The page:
Was Jesus crazy when he claimed to be the Son of God?

Gary Collins, a professor of psychology for twenty years and author of forty-five books on psychology-related topics, said Jesus exhibited no inappropriate emotions, was in contact with reality, was brilliant and had amazing insights into human nature, and enjoyed deep and abiding relationships. “I just don’t see signs that Jesus was suffering from any known mental illness,” he concluded. In addition, Jesus backed up his claim to being God visiting this planet through his sinless character, miraculous feats of healing, astounding demonstrations of power over nature, unrivalled teaching, divine understanding of people, and with his own resurrection which was the ultimate evidence of his deity. While the incarnation – the fact that God became man, the infinite became finite – stretches our imaginations, prominent theologian D.A. Carson pointed out that there’s lots of evidence that Jesus exhibited the characteristics of deity. Based on Philippians 2, many theologians believe Jesus voluntarily emptied himself of the independent use of his divine attributes as he pursued his mission of human redemption. Even so, the New Testament specifically confirms that Jesus ultimately possessed every qualification of deity, including omniscience, omnipresence, omnipotence, eternality, and immutability.

Did Jesus – and Jesus alone – match the identity of the Messiah?

Hundreds of years before Jesus was born, prophets foretold the coming of the Messiah, or the Anointed One, who would redeem God’s people. In effect, dozens of these Old Testament prophecies created a fingerprint that only the true Messiah could fit. This gave Israel a way to rule out imposters and validate the credentials of the authentic Messiah. Against astronomical odds – one chance in a trillion, trillion, trillion, trillion, trillion, trillion, trillion, trillion, trillion, trillion, trillion, trillion – Jesus, and only Jesus throughout history, matched this prophetic fingerprint. This confirms Jesus’ identity to an incredible degree of certainty. The expert I interviewed on this topic, Louis Lapides, is an example of someone raised in a conservative Jewish home and who came to believe Jesus is the Messiah after a systematic study of the prophecies. Today, he’s the pastor of a church in California and former president of a national network of fifteen messianic congregations.

Was Jesus’ death a sham and his resurrection a hoax?

By analysing the medical and historical data, Dr. Alexander Metherell, a physician who also holds a doctorate in engineering, concluded Jesus could not have survived the gruesome rigors of crucifixion, much less the gaping wound that pierced his lung and heart. In fact, even before the crucifixion he was in serious to critical condition and suffering from hypovolemic shock as the result of horrific flogging. The idea that he somehow swooned on the cross and pretended to be dead lacks any evidential basis. Roman executioners were grimly efficient, knowing that they themselves would face death if any of their victims were to come down from the cross alive. Even if Jesus had somehow lived through the torture, his ghastly condition could never have inspired a worldwide movement based on the premise that he had gloriously triumphed over the grave.

Was Jesus’ body really absent from his tomb?

William Lane Craig, who has earned two doctorates and written several books on the Resurrection, presented striking evidence that the enduring symbol of Easter – the vacant tomb of Jesus – was a historical reality.  The empty grave is reported or implied in extremely early sources – Mark’s gospel and a creed in First Corinthians 15 – which date so close to the event that they could not possibly have been products of legend. The fact that the gospel reports that woman discovered the empty tomb bolsters the story’s authenticity, because a woman’s testimony lacked credibility in the first century and thus there would have been no motive to report they found the empty tomb if it weren’t true. This site of Jesus’ tomb was known to Christians, Jews, and Romans, so it could have been checked by skeptics. In fact, nobody – not even the Roman authorities or Jewish leaders – ever claimed that the tomb still contained Jesus’ body. Instead, they were forced to invent the absurd story that the disciples, despite having no motive or opportunity, had stolen the body – a theory that not even the most skeptical critics believe today.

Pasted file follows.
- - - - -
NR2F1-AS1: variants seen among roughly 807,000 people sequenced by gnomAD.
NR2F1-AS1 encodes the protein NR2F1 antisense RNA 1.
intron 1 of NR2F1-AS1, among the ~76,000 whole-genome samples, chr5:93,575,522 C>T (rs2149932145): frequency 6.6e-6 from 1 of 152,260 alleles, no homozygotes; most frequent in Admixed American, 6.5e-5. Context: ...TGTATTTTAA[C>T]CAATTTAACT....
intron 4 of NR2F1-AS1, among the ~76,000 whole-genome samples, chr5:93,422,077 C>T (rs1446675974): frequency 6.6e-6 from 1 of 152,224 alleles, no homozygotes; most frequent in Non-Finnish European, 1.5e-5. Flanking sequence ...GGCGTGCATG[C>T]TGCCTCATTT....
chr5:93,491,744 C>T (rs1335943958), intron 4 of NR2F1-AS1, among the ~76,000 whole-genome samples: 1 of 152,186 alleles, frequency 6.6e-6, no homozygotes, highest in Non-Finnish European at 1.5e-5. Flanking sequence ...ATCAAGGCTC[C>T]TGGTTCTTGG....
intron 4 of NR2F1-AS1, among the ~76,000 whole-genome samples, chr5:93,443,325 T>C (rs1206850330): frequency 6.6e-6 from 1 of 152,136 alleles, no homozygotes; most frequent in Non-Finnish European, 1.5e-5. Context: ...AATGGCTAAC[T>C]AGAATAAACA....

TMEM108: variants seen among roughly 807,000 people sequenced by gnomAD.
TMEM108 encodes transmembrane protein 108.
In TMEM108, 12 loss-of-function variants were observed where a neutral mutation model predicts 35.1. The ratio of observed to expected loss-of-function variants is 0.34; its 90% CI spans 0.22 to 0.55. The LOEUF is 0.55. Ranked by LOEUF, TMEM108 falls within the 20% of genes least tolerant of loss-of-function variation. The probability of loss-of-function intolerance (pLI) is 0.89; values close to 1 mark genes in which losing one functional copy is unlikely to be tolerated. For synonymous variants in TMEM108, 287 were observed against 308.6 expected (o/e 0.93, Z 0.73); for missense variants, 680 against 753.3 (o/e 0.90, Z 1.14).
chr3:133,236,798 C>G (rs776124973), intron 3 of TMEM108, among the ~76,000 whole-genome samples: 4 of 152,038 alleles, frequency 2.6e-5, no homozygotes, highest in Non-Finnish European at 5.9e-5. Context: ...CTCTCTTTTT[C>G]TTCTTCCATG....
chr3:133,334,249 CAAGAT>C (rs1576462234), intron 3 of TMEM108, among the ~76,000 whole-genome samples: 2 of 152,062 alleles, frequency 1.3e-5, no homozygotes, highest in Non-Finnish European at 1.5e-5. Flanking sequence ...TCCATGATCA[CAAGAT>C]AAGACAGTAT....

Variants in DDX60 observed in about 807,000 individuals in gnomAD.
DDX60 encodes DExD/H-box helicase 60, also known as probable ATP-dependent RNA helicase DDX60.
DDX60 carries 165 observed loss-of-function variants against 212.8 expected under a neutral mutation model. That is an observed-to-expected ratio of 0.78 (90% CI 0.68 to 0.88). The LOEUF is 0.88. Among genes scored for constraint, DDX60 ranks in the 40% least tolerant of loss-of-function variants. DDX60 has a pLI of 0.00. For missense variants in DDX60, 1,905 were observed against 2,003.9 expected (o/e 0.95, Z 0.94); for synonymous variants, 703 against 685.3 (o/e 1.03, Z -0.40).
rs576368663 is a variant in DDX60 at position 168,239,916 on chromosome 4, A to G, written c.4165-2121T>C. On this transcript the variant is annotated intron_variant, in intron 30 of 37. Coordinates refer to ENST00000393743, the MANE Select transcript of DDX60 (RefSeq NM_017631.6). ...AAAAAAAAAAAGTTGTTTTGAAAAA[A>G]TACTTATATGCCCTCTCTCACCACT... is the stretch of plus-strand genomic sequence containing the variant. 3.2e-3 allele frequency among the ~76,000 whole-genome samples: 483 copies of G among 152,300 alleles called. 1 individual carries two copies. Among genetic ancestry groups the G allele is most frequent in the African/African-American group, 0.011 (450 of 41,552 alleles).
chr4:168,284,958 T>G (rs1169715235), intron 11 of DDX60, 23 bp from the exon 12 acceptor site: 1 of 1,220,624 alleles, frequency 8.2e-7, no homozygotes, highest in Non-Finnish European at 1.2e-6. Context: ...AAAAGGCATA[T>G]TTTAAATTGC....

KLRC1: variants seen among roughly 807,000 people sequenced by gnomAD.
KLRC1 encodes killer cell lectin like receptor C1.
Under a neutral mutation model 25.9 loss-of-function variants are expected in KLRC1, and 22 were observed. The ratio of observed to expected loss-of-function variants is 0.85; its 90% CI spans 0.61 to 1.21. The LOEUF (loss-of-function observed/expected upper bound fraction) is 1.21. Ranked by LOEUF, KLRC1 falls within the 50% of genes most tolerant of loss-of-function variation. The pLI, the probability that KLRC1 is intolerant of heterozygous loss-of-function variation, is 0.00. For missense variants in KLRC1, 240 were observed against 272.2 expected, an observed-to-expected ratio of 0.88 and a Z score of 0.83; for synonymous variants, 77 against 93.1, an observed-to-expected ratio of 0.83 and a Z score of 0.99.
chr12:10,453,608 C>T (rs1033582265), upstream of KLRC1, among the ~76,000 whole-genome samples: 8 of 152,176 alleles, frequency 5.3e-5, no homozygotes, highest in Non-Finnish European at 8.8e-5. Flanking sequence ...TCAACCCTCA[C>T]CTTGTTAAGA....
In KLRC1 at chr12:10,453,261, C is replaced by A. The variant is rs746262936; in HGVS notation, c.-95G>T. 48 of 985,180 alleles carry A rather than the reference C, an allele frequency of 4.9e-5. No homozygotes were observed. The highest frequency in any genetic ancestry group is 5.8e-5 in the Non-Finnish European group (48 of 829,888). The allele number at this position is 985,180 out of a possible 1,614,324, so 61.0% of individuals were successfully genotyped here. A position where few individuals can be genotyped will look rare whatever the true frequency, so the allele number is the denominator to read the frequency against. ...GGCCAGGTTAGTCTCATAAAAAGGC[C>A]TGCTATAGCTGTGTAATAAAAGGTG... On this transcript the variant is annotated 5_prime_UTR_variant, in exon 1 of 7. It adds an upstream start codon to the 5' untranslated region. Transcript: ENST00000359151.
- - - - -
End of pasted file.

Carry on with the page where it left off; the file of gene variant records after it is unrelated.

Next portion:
Was Jesus seen alive after his death on the cross?

The evidence for the post-Resurrection appearances of Jesus didn’t develop gradually over the years as mythology distorted memories of his life. Rather, said renowned Resurrection expert Gary Habermas, his resurrection was “the central proclamation of the early church from the very beginning.” The ancient creed from 1 Corinthians 15 mentions specific individuals who encountered the risen Christ, and Paul even challenged first-century doubters to talk to these individuals personally to determine the truth of the matter for themselves. The book of Acts is littered with extremely early affirmations of Jesus’ resurrection, while the gospels describe numerous encounters in detail. Concluded British theologian Michael Green: “The appearances of Jesus after his death are as well authenticated as anything in antiquity…. There can be no rational doubt that they occurred.”

Are there any supporting facts that point toward the resurrection?

Professor J.P. Moreland presented circumstantial evidence that provided some strong documentation for the Resurrection. First, the disciples were in a unique position to know whether the Resurrection happened, and they went to their deaths proclaiming it was true. Nobody knowing and willingly dies for a lie. Second, apart from the Resurrection, there’s no good reason why such skeptics as Paul and James would have been converted and would have died for their faith. Third, within weeks of the Crucifixion, thousands of Jews became convinced Jesus was the Son of God and began following him, abandoning key social practices that had critical sociological and religious importance for centuries. They believed they risked damnation if they were wrong. Fourth, the early sacraments of Communion and Baptism affirmed Jesus’ resurrection and deity. And fifth, the miraculous emergence of the church in the face of brutal Roman persecution “rips a great hole in history, a hole the size and shape of Resurrection,” as C.F.D. Moule put it.

In conclusion

Taken together, I concluded that this expert testimony constitutes compelling evidence that Jesus Christ was who he claimed to be – the one and only Son of God. The atheism that I had embraced for so long buckled under the weight of historical truth.

For the details that support this summary, please refer to Lee Strobel’s ‘The Case for Christ’ (2000. Publisher: Zondervan).

If you want to explore another source for answers to questions about Jesus see